For those who have read the previous reviews on my blog, you know that I enjoy reading historical fiction. So when Susan Lanigan, the author of this great WWI story sent me a review copy I was a happy bird. It is a commendable debut and if I didn’t know it was a debut I would have easily imagined the author to be a seasoned writer. Now, I have read about WW2 fiction mostly and have missed reading about the beginning of the World Wars and how people at the time reacted to it. This story covers that well. Read on for my thoughts.
Title: White Feathers
Author: Susan Lanigan
Publisher: Brandon [The O’Brien Press Ltd. Ireland]
Published: August 2014
Format reviewed: Paperback
Rating: 4 stars
Two lives in danger – her lover’s and her sister’s. But she must choose only one. In 1913, young Irish emigrant Eva Downey is trapped in London with a remote father and hostile stepmother. When she is awarded a legacy from an old suffragette to attend a finishing school in Kent, she jumps at the chance. At the school, she finds kinship and later falls in love with her teacher Christopher Shandlin, her intellectual equal.
But when war does break out, her fanatical and disapproving stepsister Grace forces a choice on Eva. She must present Shandlin, who refuses to fight, with a white feather of cowardice, or no money will be given for her sister Imelda’s life-saving treatment in Switzerland.
Caught in a dilemma, she chooses her sister over her lover, a decision which will have irrevocable consequences for both her and Christopher and haunt her for the rest of her life
Professions of the main characters: Student later field aid and Teacher later Lance Corporal in the Army.
Eva, the heroine in the story is on the receiving end of Cruelty. A step mother who makes Eva’s life similar to an obstacle training course in the military. Side effects of which result in some really tough times in her life. The story touches on the sensitive topic of cowardice; as the title suggests. Men not enlisting in war efforts are handed white feathers as a badge of their cowardice. I felt that apart from the military connection, the men in the story are less brave and some of them plain cowards of character.
It was the 1st World War and emotions were running high, patriotism and lukewarm response were the 2 sides of the coin. The people were clearly out of their depth at the time and their attitudes ran to the extreme; yes to those supporting the forces and no to those who were still trying to make sense of it all. It was understandable that some of the men were hesitant or late to enlist while they thought of their present lives and for some of them their principles were overwhelmed with everything happening around them. Usually we read about everyone joining in and doing their part in the war machinery. It is also a fact that there are people who just don’t join or are forced to join or enlist just for the sake of it and this side of the war rarely comes up or talked about. It was interesting to read about these characters, for whom joining the forces was a relieve and at times better than their lives and some who end up dead as a result of joining up.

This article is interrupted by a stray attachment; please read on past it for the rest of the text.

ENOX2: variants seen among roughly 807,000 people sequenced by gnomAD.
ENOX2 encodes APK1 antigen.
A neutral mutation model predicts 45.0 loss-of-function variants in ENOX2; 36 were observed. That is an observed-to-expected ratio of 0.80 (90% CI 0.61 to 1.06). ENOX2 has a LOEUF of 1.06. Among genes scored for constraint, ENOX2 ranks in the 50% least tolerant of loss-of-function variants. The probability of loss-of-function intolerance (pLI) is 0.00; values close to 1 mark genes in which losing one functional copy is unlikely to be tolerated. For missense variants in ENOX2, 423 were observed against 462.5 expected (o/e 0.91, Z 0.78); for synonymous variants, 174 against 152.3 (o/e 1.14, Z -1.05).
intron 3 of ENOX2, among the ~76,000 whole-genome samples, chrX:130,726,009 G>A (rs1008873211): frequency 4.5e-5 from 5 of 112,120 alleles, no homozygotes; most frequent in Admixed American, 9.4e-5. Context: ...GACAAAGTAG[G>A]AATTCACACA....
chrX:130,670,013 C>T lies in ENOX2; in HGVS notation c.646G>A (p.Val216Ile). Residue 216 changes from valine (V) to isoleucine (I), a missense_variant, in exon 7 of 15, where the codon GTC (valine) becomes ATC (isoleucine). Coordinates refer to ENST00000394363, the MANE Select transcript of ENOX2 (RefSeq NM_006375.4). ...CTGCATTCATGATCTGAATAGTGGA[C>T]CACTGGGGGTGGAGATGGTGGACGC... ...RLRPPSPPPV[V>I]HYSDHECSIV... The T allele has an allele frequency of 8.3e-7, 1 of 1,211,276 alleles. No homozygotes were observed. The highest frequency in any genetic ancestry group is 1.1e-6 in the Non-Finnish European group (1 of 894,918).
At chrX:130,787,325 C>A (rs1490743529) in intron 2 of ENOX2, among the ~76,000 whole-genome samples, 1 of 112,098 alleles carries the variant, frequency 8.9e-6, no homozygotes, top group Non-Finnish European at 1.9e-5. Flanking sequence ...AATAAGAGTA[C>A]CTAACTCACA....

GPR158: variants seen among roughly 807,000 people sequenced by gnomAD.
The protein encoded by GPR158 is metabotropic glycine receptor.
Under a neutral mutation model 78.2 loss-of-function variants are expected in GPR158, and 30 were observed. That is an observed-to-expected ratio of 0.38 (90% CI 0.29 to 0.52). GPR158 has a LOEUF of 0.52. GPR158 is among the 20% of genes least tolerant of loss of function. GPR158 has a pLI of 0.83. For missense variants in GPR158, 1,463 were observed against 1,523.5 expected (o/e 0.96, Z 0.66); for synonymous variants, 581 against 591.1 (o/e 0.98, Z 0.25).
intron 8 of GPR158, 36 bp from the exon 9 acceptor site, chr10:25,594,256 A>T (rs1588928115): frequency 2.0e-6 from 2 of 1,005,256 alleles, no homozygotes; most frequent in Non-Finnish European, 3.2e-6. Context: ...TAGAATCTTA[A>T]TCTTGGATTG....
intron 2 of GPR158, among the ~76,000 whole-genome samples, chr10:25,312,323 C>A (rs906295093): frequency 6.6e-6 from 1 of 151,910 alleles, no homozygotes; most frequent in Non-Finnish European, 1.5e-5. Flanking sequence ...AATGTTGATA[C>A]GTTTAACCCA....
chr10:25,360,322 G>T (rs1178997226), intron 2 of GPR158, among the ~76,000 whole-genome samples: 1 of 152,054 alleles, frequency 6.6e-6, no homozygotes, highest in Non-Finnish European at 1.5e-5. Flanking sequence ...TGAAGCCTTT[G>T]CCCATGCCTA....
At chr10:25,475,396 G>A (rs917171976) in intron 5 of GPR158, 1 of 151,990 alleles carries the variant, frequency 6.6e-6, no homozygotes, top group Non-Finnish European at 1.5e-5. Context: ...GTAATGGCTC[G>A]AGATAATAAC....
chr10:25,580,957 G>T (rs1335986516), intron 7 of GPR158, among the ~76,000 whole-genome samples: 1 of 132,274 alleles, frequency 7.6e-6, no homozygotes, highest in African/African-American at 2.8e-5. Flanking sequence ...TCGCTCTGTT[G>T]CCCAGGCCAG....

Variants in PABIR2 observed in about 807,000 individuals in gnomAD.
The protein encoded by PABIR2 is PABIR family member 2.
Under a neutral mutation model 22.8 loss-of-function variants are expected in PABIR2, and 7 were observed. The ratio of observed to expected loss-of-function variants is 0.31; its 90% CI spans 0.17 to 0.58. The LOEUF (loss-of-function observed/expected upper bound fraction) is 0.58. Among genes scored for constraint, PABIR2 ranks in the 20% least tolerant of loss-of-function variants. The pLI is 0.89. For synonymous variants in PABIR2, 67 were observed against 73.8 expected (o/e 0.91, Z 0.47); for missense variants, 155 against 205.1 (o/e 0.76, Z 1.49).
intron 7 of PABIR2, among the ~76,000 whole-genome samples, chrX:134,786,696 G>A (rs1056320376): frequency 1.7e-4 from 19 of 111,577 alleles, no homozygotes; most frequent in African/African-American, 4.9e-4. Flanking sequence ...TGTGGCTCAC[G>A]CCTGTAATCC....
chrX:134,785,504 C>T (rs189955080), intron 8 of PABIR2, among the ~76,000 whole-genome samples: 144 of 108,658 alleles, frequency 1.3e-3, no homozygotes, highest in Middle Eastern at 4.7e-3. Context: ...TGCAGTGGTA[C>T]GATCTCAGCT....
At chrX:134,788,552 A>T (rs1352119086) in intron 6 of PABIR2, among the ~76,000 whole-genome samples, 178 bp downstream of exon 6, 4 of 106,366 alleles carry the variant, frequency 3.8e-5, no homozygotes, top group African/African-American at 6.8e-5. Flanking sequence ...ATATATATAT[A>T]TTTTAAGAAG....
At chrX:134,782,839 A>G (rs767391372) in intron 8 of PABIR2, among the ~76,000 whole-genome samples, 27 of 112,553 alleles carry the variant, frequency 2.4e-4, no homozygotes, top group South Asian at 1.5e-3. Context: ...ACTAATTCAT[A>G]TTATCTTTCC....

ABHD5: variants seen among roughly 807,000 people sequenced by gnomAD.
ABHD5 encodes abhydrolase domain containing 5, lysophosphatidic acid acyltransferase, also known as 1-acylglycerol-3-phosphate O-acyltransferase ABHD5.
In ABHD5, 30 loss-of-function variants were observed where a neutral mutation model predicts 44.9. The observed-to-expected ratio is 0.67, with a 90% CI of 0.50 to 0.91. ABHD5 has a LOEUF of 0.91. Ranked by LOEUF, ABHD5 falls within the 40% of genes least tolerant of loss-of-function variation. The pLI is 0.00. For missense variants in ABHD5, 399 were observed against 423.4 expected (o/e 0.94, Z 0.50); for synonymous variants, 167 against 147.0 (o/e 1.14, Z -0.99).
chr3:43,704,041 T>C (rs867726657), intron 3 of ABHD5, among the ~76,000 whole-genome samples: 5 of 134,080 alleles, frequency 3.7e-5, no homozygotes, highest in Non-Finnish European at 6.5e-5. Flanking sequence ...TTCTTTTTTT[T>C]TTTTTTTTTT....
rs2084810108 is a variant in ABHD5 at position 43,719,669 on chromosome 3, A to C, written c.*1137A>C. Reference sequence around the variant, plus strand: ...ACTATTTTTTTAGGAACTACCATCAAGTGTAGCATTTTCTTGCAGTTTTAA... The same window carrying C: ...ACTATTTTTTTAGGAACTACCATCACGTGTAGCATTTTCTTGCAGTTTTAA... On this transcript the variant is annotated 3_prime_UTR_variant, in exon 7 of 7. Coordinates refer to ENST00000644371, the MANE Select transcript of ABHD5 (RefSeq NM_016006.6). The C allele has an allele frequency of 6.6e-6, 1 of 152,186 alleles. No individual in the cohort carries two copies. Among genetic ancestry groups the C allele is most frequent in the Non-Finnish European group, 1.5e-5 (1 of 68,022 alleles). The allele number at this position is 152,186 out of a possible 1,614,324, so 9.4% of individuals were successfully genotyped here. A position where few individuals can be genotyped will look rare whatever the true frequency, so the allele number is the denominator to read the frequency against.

Historical fiction is my favorite as the stories are immersive and luxurious in their pace. There is a sense of urgency in the atmosphere yet life moves at much slower pace. This tension in the plot makes it a good read and pages fly easily with death, loss, love and discoveries making up for a fantastic environment in the lives of the characters. This story beautifully flows from Eva’s teenage years to her becoming a toughened young woman who sees death before she experiences love and pleasure and life again comes full circle for her with loss and death of her loved ones.
Now this is a *Spoiler Alert* The dynamic with her step mother made me think of Cinderella, the difference being, Cinderella in this story finds her Prince but loses him in the end and that’s what happens when you are both in the midst of a war. Though you know she loses him in the end, the interesting part is not what happens in the end but how they reach the end. You will see courage and bravery in their journey to be together.
To sum it up I would say, White Feathers is a story, wherein the characters felt displaced, lost in the midst of society’s propriety and war. More than anything else they were trying to plain survive and make sense of their personal feelings and surroundings all at the same time. In the end war is over but the personal battles and fights continue while the characters try to carry on and battle the ugly consequences left behind by the war.
If you enjoy WW stories and historical fiction, you have to read this different from usual yet good, point of view of lives during the war.
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Reviewed by Bharti